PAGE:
Tuesday, November 05, 2013

Doubling Down on Start-Up Las Vegas

Las Vegas gambling on jobs following people at Pacific Standard magazine.

Theme: Urban growth and talent migration.

Subject Article: "Las Vegas’ tech sector has come a long way over the past year but still has some maturing to do."

Other Links: 1. "Do Jobs Follow People or Do People Follow Jobs?"
2. "The city startup: Tony Hsieh’s Downtown Project."
3. "'Young People in Omaha Are Able to Take Bigger Risks.'"

Postscript: The subject article makes a strong case for people-follow-jobs, demonstrating a disconnect with Tony Hsieh's downtown revitalization efforts. Fair critique or not, I'm still not sure what the people-follow-jobs approach would look like. After reading this recent post from Aaron Renn, I get the same sense of helplessness that Enrico Moretti expresses in his book, "The New Geography of Jobs." What can Las Vegas do in the face of economic divergence? A new post coming soon attempting to answer that question.


Done By Forty said...

I can't get the comments section to work on Pacific Standard, so I'm just writing here...

Has a city ever tried to lure multiple companies away from the Bay Area all at once, to create the sort of company density hub that Moretti talks about? That is, can you move an innovation hub to a lower cost of ownership locale, gaining both the benefits of a thick labor market and lower rent/taxes/etc.?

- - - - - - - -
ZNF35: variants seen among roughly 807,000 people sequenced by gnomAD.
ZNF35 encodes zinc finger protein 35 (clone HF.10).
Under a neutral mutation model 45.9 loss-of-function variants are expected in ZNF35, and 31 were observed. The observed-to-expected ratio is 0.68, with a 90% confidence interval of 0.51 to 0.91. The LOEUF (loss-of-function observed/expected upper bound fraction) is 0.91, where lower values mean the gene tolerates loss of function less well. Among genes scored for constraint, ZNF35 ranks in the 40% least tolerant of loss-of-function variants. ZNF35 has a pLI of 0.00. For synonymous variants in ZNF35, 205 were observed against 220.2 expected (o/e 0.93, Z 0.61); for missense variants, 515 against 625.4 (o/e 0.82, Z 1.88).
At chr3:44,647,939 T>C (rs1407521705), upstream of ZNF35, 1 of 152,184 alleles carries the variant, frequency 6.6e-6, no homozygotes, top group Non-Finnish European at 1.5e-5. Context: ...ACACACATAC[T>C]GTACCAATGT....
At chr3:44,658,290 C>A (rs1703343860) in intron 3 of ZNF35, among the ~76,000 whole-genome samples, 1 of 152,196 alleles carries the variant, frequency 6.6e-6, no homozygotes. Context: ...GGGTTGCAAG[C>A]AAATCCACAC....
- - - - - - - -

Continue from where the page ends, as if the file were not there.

Jim Russell said...

Pacific Standard decided to do away with comments.

Like lure an economic cluster? Don't know if anyplace has tried, but doubt it is possible save stealing the anchor for that cluster.

An important part of Moretti's book describes the rise and fall of the Manufacturing Economy. When wages start to weigh heavily on profits, companies seek out lower cost places. I think we're at that tipping point with the Innovation Economy and luring companies away from Silicon Valley will be practical. Meanwhile, another divergent economy takes center stage, the Talent Economy.